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February 22, 2013

Your Weekly Roundup, February 22

By Jeremy Miller

Jesse Jackson Jr.This is the first installment on the latest, greatest, and tawdriest events you may have missed this week.  We’ll focus on topics ranging from campaign finance reform to public corruption.  On that note, let’s turn to disgraced former Congressman Jesse Jackson Jr. (D-IL).

Once a promising congressman with 18 years of public service, and a son of the former civil rights activist and presidential candidate, Mr. Jackson unraveled in a web of scandal over the course of the last year.  On Wednesday, he pleaded guilty to using approximately $750,000 dollars in campaign money to enrich himself and his wife.  Fur coats, movie tickets, a health spa membership, a gold-plated Rolex watch, and trips to Costco are just some of the items they indulged in over the years.  His campaign funds were essentially a personal piggy bank.  You can read CREW’s statement on the sad saga here.

In other news, former Sen. Pete Domenici (R-NM) disclosed he had a son out of wedlock 30 years ago. While not illegal, Sen. Domenici joins a long list of congressional members with similar fates, yet his is all the more ironic given he voted in favor of convicting and removing President Clinton from office over the Monica Lewinsky affair.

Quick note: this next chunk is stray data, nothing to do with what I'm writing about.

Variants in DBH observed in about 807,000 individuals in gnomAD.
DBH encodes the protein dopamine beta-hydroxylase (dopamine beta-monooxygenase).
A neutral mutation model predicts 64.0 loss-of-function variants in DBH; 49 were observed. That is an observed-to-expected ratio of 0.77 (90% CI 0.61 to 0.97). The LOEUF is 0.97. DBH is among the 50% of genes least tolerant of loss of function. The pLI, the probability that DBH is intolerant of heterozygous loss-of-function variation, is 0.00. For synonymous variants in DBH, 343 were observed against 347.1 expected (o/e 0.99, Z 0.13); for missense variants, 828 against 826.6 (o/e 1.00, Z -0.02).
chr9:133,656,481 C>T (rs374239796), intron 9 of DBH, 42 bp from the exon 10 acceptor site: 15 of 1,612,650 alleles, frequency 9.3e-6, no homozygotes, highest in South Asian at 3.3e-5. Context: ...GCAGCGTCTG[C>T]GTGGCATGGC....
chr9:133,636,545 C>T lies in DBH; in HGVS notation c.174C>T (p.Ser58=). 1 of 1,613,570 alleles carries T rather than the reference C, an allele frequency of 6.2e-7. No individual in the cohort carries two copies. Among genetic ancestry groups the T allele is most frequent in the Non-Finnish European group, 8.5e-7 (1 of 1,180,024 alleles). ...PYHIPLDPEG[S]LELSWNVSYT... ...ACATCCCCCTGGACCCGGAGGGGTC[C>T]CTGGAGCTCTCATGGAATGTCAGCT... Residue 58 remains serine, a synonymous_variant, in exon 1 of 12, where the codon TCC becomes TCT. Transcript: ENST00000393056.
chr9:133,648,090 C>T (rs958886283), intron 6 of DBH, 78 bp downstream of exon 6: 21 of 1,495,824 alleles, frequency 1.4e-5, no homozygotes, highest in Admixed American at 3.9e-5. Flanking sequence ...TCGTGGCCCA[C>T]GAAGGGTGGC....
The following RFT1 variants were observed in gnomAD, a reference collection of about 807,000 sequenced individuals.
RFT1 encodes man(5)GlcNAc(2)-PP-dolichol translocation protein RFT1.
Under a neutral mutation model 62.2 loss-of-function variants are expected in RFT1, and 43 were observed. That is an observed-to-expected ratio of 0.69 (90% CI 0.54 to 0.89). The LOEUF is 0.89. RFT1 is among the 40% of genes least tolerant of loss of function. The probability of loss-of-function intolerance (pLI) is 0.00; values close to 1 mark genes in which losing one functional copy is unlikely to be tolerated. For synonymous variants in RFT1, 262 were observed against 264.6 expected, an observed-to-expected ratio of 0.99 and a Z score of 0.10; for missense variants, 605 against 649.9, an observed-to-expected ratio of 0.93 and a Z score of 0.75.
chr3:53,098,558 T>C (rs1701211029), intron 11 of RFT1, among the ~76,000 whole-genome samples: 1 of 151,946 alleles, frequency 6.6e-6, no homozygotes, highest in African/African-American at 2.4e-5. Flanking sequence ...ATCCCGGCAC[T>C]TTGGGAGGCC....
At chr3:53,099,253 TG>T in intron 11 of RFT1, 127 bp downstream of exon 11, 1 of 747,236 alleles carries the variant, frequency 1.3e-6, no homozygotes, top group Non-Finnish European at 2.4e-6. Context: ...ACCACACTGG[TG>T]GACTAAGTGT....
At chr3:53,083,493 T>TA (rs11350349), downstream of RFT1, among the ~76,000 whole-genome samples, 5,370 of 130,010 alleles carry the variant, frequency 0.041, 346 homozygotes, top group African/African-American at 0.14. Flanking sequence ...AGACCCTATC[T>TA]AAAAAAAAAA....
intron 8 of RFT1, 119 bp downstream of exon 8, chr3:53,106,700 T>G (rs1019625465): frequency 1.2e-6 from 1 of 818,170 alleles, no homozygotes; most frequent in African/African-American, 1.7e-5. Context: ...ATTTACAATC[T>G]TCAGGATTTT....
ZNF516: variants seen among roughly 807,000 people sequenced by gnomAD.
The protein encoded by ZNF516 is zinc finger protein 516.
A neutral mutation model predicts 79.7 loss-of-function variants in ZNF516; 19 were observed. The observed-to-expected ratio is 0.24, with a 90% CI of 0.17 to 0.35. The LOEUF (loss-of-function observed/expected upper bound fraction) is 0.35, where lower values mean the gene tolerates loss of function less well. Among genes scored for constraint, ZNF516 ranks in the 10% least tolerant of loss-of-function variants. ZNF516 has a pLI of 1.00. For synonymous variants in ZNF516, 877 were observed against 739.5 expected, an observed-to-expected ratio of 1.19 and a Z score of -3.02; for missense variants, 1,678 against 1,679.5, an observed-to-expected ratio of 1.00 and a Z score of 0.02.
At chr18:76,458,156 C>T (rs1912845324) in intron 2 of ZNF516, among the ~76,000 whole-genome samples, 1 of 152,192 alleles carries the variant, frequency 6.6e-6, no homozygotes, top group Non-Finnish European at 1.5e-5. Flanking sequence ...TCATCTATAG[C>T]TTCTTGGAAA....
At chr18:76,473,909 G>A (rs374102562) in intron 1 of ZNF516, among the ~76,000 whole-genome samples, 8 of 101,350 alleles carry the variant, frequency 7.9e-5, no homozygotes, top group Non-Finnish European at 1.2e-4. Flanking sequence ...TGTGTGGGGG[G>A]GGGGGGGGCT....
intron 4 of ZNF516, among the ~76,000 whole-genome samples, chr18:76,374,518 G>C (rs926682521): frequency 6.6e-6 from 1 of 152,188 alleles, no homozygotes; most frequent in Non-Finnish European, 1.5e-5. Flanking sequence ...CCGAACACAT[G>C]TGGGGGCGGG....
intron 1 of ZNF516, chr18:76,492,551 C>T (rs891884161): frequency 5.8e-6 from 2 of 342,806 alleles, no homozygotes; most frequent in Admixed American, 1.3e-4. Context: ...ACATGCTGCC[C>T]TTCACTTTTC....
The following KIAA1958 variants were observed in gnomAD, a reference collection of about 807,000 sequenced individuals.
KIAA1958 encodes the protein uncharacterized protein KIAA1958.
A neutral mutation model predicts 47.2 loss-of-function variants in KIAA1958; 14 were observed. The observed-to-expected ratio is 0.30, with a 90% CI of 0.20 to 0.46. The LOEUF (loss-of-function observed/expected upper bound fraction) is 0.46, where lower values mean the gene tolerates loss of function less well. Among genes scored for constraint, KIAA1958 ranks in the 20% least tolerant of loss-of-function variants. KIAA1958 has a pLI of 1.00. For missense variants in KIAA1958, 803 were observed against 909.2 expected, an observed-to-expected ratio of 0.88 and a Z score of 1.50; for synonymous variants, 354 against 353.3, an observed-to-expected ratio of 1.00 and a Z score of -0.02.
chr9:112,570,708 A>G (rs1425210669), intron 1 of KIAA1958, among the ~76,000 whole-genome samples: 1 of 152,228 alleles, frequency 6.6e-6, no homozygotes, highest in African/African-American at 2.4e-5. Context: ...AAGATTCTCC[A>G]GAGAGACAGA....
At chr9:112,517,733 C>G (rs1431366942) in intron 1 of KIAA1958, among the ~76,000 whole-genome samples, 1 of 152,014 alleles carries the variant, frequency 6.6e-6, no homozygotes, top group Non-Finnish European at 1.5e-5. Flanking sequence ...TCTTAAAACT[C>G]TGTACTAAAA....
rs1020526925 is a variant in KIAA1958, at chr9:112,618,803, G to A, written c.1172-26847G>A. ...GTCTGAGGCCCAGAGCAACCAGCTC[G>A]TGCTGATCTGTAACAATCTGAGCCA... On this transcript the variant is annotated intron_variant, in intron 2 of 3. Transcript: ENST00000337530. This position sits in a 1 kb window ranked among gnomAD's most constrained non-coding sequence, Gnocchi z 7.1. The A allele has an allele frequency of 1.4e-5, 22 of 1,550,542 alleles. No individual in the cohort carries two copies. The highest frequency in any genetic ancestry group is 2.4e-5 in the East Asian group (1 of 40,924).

And of course, let’s not forget Sen. Menendez.

On the campaign finance front, dark clouds lie ahead.  The Supreme Court, not satisfied with the carnage it inflicted with Citizens United, agreed to hear a case that could lead to the continued dismantling of restrictions on money in politics.  The case, McCutcheon v. FEC, involves a challenge by the Republican National Committee to the constitutionality of aggregate contribution limits imposed on federal candidates and party committees.  If the Court strikes down the existing limits — as many fear — it will be akin to sanctioning legalized bribery.  It was established long ago that a system allowing massive campaign contributions was inherently corrupt.  To reverse this conclusion would be yet another radical decision by the Supreme Court.

Last but not least, CREW and former congressional candidate Dr. David Gill and his campaign committee filed a lawsuit against the Internal Revenue Service (IRS) for flouting a federal law barring so-called “social welfare” organizations from engaging in political activity.  Such organizations, like the American Action Network (AAN), have relied on an IRS-created tax loophole to spend millions of dollars on electioneering activity without disclosing their donors.  Dr. Gill was the victim of false and misleading negative ads and robocalls by AAN, which spent nearly $1.5 million opposing his candidacy, more than $1 million of which was spent in the final weeks of the campaign.  You can read a fact sheet on the case here.

Let’s hope for better news next week. 

This post was updated 3/5/2013.

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